Sometimes I Eat the Bear
by John M. Grund
If you were to go out and ask five people, each knowledgeable about the markets, what they thought of short selling, perhaps four of them would respond with some variation of "Well, it's a legitimate strategy."
Uh-huh. Apparently a legitimate strategy most investors are ready to damn with the faintest of praise. Would you invest in a company someone had to defend as "legitimate"?
To sell short, a trader borrows shares of a stock and sells them, hoping that the price later falls so he or she can buy back the shares at a lower price, return them, and pocket the difference.
More new investors are tempted to short now that stocks are down, according to James Armstrong, president of money management firm Henry Armstrong Associates.
"Not long ago, a client asked me, 'Shouldn't I be in a hedge fund [which can engage in short sales] now that stocks are down?' I laughed and said the time to go into a hedge fund was a year ago," recalls Armstrong. "You want to short stocks when the market is high, not when we're in a severe bear market like we are now."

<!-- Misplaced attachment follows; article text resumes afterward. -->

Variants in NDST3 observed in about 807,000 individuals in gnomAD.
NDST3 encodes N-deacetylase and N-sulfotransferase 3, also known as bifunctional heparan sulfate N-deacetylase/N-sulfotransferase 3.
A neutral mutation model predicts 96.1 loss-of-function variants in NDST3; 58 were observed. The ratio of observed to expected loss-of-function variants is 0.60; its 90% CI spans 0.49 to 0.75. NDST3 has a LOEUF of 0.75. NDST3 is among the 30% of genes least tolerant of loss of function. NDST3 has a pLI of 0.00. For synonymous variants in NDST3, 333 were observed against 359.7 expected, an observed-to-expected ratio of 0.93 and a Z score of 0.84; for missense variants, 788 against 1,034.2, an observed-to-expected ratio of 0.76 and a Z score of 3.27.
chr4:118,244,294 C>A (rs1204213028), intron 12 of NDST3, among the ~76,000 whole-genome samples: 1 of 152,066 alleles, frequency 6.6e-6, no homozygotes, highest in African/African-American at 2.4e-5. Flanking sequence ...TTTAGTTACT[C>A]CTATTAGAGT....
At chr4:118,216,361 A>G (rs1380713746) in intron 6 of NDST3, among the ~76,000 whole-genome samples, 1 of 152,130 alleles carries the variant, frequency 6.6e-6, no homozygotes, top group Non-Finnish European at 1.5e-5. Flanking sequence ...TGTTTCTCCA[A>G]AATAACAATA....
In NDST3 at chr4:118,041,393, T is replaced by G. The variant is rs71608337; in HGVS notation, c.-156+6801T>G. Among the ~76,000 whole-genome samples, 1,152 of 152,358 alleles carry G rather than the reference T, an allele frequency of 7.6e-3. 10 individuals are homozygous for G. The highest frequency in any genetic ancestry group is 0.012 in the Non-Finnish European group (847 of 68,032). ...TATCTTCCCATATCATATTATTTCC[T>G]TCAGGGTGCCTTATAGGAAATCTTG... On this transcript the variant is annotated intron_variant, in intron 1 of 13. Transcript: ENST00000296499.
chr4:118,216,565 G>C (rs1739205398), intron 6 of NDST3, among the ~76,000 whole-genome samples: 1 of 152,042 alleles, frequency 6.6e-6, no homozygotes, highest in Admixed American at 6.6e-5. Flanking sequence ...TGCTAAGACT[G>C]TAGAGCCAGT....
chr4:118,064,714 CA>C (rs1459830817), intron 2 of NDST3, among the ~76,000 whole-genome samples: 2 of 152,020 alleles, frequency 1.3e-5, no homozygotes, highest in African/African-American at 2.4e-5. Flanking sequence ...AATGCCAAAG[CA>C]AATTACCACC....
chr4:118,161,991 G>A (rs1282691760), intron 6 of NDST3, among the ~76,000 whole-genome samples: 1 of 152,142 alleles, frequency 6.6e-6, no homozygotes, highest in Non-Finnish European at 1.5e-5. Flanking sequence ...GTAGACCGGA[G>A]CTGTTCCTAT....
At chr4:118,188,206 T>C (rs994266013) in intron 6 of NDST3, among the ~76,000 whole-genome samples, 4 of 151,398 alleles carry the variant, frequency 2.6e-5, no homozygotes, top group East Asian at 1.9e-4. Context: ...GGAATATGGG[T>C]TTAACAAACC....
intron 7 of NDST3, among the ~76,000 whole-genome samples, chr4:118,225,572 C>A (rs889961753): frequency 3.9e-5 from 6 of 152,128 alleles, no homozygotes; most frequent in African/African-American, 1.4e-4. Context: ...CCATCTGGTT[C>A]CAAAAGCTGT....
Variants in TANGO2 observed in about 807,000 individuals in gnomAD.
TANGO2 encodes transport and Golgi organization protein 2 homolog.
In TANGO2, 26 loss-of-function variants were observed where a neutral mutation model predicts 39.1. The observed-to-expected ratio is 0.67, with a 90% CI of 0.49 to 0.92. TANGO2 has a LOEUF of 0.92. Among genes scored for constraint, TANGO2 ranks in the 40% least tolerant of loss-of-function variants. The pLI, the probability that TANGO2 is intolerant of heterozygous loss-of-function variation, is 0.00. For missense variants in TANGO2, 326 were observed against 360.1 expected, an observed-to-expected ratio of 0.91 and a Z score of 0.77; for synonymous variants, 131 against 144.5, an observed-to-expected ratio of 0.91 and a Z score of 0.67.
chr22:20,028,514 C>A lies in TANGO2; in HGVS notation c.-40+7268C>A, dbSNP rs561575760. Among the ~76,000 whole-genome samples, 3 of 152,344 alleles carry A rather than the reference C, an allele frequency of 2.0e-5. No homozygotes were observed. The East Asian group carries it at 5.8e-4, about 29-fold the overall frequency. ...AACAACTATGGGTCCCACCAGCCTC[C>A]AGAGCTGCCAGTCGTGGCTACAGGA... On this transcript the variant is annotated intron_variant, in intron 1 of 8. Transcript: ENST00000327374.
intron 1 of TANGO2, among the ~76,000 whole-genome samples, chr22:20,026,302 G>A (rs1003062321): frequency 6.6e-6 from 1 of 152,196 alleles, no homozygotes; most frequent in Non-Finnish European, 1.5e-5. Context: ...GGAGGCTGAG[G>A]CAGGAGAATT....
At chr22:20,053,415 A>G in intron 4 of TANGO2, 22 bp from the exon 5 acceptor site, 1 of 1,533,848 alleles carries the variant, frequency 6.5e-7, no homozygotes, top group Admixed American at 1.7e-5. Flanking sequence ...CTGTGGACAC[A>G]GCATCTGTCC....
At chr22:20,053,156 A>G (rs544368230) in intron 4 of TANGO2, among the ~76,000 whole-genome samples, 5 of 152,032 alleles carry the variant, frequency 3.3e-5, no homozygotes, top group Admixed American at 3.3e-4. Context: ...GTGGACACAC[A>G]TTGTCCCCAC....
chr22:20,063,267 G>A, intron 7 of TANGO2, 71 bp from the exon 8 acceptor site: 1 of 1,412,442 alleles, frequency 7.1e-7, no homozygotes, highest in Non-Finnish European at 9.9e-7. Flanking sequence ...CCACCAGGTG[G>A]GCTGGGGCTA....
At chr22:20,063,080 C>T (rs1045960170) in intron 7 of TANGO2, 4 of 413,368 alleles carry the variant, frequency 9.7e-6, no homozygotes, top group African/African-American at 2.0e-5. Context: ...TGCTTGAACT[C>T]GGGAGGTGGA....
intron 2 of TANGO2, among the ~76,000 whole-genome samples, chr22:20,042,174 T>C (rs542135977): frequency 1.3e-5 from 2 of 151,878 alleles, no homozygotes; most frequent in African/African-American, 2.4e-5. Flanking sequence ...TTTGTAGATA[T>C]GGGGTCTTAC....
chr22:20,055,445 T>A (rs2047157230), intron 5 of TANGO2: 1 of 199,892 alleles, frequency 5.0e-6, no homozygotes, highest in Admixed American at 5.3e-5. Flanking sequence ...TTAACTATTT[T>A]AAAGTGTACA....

And you may not want to short even then, he warns.
"The deck is stacked against you," he says. The potential profits from shorting are, for most people, outweighed by restrictions and quirks that make shorting a particularly dangerous game. Indeed, short trading has become so unappealing that it has made up only 1.3 percent of New York Stock Exchange trading in recent years.